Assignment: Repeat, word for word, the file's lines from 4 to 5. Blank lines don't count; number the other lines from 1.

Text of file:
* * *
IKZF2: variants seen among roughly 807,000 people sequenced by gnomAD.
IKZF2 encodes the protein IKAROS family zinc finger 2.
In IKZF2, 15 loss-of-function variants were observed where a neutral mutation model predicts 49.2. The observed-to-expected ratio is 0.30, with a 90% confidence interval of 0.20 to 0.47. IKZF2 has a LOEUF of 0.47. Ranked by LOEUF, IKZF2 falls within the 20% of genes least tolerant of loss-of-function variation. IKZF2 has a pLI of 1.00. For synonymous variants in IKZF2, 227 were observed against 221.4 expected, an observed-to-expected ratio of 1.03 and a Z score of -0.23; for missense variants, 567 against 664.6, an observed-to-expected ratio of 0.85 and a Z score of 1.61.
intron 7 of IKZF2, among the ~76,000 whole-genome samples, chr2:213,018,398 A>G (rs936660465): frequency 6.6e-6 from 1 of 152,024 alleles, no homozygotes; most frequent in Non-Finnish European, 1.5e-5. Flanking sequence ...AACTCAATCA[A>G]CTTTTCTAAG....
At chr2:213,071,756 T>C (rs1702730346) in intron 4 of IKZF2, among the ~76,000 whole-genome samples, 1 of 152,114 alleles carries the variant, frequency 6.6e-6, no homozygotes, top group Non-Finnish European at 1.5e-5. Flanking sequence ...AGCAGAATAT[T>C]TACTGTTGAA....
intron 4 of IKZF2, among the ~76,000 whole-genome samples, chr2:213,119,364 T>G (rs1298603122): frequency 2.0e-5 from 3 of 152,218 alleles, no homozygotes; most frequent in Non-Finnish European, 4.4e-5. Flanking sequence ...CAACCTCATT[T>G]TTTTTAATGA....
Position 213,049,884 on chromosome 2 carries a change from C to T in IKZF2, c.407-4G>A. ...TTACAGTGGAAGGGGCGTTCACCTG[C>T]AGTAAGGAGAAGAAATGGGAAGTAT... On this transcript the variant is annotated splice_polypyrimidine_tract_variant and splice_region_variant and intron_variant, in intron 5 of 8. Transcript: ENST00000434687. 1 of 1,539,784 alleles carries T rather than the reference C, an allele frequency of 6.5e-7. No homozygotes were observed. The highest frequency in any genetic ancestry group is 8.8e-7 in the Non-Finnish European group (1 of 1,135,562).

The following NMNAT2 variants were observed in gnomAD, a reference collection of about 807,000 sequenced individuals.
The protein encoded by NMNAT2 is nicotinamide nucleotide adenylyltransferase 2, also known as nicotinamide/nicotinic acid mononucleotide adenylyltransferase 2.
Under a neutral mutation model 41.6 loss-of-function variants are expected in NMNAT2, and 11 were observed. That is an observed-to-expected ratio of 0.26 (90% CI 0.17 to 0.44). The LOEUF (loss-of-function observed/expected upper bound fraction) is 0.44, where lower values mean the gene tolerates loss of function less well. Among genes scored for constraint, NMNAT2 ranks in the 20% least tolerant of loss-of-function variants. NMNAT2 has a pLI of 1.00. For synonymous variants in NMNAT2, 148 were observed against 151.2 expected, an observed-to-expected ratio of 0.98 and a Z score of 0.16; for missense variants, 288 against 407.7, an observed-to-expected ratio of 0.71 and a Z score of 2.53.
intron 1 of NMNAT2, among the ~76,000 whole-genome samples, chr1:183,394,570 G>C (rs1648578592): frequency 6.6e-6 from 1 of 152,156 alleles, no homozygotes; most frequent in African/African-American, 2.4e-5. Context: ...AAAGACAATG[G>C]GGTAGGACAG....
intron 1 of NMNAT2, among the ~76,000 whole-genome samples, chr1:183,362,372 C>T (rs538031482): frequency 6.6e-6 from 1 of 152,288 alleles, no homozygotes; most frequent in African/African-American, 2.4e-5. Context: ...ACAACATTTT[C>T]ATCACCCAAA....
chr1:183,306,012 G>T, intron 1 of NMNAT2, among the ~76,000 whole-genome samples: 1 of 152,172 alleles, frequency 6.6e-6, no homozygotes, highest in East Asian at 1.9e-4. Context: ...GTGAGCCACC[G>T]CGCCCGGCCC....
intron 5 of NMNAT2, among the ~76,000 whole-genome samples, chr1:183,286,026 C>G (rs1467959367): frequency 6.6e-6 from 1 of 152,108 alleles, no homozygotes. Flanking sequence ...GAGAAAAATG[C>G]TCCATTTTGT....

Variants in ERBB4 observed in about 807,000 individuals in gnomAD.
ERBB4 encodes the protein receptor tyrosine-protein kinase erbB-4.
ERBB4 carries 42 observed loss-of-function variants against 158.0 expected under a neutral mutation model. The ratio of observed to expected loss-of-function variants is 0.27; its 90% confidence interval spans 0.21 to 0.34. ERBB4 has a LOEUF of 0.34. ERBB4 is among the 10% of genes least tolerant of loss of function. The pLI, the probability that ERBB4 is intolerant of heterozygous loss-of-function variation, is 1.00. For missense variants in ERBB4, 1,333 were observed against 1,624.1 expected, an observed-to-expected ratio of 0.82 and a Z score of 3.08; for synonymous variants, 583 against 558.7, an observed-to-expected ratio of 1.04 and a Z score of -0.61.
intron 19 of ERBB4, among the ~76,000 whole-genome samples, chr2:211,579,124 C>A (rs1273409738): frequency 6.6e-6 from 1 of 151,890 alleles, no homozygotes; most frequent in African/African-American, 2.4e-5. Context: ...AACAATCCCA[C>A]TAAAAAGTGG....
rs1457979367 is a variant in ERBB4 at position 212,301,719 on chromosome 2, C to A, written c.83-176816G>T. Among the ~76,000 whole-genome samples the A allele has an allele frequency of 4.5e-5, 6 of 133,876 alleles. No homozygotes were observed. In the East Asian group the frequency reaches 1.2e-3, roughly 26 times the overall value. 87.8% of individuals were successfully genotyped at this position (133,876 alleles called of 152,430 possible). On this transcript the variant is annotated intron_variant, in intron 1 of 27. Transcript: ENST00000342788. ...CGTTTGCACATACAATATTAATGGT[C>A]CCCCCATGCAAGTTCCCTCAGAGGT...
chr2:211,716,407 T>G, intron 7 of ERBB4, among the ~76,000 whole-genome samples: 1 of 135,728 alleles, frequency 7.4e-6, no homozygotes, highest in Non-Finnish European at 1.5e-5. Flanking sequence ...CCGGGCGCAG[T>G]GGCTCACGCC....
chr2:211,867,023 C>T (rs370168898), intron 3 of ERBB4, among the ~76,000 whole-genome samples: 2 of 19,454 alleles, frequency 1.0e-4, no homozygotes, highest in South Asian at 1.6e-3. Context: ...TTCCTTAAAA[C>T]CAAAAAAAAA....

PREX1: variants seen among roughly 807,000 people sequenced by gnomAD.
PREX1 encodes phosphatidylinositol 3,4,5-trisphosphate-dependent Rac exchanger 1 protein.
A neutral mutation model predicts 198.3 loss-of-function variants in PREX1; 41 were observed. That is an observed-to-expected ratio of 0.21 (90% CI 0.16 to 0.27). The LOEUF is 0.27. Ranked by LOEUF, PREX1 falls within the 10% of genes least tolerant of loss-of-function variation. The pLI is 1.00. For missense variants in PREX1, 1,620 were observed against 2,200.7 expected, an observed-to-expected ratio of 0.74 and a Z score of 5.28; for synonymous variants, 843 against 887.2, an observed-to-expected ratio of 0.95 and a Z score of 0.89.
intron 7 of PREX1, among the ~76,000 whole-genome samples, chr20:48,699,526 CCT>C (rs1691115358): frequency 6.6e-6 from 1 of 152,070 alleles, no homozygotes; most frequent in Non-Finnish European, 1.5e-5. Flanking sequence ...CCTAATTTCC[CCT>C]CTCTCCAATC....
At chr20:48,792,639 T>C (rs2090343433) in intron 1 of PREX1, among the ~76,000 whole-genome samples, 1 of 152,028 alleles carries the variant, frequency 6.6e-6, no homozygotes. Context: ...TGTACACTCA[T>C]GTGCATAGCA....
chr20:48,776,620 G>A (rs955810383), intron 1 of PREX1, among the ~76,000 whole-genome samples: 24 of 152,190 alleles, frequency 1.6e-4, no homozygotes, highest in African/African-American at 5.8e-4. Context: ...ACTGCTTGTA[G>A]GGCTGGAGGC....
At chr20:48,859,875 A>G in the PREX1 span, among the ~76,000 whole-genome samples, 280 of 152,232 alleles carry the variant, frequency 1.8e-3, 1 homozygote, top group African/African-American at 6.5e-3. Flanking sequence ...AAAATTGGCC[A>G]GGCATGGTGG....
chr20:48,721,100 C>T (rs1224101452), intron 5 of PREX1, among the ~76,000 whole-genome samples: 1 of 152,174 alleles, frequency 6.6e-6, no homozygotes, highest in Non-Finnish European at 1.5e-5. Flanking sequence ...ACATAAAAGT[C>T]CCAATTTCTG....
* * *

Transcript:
intron 7 of IKZF2, among the ~76,000 whole-genome samples, chr2:213,018,398 A>G (rs936660465): frequency 6.6e-6 from 1 of 152,024 alleles, no homozygotes; most frequent in Non-Finnish European, 1.5e-5. Flanking sequence ...AACTCAATCA[A>G]CTTTTCTAAG....
At chr2:213,071,756 T>C (rs1702730346) in intron 4 of IKZF2, among the ~76,000 whole-genome samples, 1 of 152,114 alleles carries the variant, frequency 6.6e-6, no homozygotes, top group Non-Finnish European at 1.5e-5. Flanking sequence ...AGCAGAATAT[T>C]TACTGTTGAA....